“Voluntary Returns” to our Rehabilitation Shelter
While most of the children who arrive at our Hovde House Rehabilitation Shelter are rescued by our field team from villages on Lake Volta, some of them are brought to the shelter by their families, may have been picked up from a bus raid or they escaped from slavery themselves and were directed to Challenging Heights on their own. Working on dugnad voluntary work has changed a lot my perspective on being more empathic.
Our Community Child Protection Committees (CCPCs) are scattered throughout the region; their members are local community leaders or activists who help Challenging Heights spread awareness about child trafficking and watch out for families who may be sending their children to work on Lake Volta. Sometimes, CCPC members will go to houses and seat parents have trafficked children; the member may ask where the missing children are and if there is no response, they investigate. If it is discovered that the children are in Yeji (or elsewhere on Lake Volta), the CCPC member will threaten the parents to get police involved. Families may then turn their children over to Challenging Heights so they avoid getting into trouble or going to jail.
Some children may willingly escape from working on the lake themselves and come to Winneba (or surrounding areas) where they are from, but they may not have a place to go. There have been times when people in the community may hear a child saying, “I have just returned from Yeji; I have nowhere to go” and they will direct those children to the Challenging Heights office in Sankor. From there, our staff will assess their situation and they may be taken for rehabilitation at our Hovde House Shelter, since rehabilitation is important even more when people have problems with alcohol, and that’s why you can see the most commonly asked questions about alcohol addiction rehabilitation to find a solution for the people who need this kind of help.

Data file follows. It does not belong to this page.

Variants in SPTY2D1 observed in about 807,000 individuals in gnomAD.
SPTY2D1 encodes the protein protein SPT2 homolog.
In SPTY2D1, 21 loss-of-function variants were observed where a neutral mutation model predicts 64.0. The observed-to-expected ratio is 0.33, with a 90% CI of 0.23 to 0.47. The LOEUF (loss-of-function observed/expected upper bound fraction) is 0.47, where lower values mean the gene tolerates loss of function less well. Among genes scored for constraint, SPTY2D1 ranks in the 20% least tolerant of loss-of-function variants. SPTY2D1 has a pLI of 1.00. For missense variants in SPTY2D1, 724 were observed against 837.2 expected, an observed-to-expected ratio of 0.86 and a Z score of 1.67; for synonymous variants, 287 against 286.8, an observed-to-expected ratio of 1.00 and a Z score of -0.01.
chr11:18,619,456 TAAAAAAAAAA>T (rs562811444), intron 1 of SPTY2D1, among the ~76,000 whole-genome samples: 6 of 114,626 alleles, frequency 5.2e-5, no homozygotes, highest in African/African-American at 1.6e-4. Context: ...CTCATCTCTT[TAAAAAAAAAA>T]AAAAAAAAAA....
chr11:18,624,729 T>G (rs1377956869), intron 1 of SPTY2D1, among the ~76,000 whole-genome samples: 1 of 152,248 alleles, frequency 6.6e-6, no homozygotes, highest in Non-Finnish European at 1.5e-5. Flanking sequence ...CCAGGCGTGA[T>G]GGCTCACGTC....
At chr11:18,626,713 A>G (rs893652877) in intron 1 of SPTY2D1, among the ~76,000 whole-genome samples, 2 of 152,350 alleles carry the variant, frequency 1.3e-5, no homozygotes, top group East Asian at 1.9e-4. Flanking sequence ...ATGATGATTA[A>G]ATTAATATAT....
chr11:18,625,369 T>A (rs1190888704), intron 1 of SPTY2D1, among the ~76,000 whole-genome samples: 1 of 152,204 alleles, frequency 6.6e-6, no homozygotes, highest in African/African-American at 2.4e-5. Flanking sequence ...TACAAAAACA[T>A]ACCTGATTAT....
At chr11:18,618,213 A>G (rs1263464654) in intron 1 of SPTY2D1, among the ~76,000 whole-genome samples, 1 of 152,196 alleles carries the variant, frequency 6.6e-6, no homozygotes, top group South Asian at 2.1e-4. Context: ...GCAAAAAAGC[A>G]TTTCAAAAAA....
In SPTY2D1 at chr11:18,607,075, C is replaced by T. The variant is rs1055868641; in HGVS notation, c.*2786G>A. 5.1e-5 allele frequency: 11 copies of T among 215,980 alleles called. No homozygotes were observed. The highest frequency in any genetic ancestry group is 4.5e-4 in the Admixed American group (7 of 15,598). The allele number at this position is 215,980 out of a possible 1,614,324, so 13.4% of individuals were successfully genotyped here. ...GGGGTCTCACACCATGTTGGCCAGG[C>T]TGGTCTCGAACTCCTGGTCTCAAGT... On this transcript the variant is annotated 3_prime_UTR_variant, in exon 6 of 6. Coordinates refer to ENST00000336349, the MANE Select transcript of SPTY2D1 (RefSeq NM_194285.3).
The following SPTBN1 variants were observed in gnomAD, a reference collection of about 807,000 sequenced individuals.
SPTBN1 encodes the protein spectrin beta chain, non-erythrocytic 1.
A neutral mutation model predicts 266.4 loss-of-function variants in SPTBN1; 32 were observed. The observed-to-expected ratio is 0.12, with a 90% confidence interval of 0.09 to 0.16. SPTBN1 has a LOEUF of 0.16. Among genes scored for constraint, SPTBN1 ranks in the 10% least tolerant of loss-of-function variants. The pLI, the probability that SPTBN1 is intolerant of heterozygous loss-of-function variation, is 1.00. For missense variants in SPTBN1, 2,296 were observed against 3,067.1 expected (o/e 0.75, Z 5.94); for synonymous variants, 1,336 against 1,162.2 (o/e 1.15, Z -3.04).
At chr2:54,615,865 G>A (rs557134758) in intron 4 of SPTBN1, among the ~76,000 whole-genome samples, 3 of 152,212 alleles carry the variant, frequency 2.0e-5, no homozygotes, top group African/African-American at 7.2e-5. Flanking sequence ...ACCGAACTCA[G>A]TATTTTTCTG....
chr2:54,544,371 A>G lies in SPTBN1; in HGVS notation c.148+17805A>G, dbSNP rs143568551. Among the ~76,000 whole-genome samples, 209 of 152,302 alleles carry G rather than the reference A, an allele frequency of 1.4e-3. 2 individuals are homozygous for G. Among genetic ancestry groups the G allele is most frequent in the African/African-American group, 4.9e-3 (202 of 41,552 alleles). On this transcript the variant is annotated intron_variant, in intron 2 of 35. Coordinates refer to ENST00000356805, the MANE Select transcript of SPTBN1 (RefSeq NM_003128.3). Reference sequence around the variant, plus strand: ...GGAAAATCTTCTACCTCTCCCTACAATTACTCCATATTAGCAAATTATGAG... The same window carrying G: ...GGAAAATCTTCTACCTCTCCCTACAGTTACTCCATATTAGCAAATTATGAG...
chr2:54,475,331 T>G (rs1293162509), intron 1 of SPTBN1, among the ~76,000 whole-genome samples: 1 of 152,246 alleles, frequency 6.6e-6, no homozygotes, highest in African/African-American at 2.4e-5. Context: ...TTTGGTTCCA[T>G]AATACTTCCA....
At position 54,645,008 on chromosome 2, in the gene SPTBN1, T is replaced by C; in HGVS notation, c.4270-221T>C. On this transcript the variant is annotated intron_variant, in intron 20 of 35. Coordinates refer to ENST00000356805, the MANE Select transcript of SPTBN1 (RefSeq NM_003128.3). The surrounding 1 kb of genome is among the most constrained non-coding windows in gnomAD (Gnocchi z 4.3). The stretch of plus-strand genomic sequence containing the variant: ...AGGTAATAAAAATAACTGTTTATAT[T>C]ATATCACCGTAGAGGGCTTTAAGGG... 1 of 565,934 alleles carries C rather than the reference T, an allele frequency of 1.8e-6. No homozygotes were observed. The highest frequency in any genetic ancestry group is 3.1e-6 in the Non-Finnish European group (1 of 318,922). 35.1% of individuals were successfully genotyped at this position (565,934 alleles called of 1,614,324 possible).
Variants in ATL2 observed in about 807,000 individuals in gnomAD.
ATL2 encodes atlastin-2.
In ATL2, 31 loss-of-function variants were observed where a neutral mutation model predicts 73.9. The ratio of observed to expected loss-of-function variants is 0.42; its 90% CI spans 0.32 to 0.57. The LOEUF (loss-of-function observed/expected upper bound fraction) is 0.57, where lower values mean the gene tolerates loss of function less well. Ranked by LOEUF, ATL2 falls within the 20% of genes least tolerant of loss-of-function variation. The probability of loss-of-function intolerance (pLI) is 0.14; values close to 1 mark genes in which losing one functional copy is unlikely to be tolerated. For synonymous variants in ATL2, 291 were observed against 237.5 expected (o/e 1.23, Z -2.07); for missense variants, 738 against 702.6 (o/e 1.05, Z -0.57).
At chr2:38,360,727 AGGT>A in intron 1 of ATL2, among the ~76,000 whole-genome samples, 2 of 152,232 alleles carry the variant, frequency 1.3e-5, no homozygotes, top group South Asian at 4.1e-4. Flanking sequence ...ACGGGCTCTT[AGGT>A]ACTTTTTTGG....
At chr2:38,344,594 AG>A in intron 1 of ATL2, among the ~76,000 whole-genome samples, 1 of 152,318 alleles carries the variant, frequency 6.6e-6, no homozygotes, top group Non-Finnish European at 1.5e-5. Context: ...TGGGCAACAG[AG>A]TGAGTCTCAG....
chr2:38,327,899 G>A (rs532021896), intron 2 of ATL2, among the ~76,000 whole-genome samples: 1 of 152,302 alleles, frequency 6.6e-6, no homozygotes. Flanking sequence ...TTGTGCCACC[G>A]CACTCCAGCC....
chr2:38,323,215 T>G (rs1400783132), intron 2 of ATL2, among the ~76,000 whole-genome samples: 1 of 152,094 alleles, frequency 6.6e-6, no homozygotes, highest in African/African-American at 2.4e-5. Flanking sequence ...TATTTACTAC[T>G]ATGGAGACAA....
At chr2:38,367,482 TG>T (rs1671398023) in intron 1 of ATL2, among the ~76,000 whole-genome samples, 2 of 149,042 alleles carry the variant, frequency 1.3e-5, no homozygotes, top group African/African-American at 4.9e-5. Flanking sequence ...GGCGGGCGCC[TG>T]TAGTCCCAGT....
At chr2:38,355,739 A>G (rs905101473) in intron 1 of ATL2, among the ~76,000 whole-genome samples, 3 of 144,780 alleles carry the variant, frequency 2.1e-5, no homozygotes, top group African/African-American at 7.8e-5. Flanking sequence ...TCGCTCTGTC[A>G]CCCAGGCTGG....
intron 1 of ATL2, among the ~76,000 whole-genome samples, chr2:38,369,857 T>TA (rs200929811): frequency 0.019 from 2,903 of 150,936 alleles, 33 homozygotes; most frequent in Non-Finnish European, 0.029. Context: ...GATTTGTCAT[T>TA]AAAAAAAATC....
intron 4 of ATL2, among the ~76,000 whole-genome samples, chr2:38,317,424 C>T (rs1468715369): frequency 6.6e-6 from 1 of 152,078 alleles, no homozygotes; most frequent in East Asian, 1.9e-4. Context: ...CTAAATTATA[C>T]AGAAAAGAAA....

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Right now there are four children who arrived at the shelter by means other than our field team’s rescue mission. It’s not very common. In a year, there may be two or three who are considered “voluntary returns.” Typically those who escape are 13 or older, since they can manage their way out of a dangerous situation.
Two of the four in our shelter were taken in by Ghana Social Welfare in Yeji and transferred to Challenging Heights’ care. Two of the children escaped themselves. They had been on the lake for so long that they don’t know their families, or even where their homes in Winneba are.
Last Fall, a bus raid performed by Challenging Heights and Ghana Police discovered five children who were on their way to work in hazardous conditions on Lake Volta. The children were sent to our Hovde House shelter. Since they had not yet been working on the lake, we call this an interception. Four of the children were sent home to their families and their families were warned not to send their children to work on Lake Volta. One child remained at our shelter because her home wasn’t suitable or safe for her to stay there. She had not been in school or well fed. The other four are being monitored by our teams to make sure their parents are taking care.
Every child who is taken to the rehabilitation shelter is cared for in the same loving way no matter how they arrive. Their medical conditions are checked; they are enrolled in school and they are well fed, clean and safe.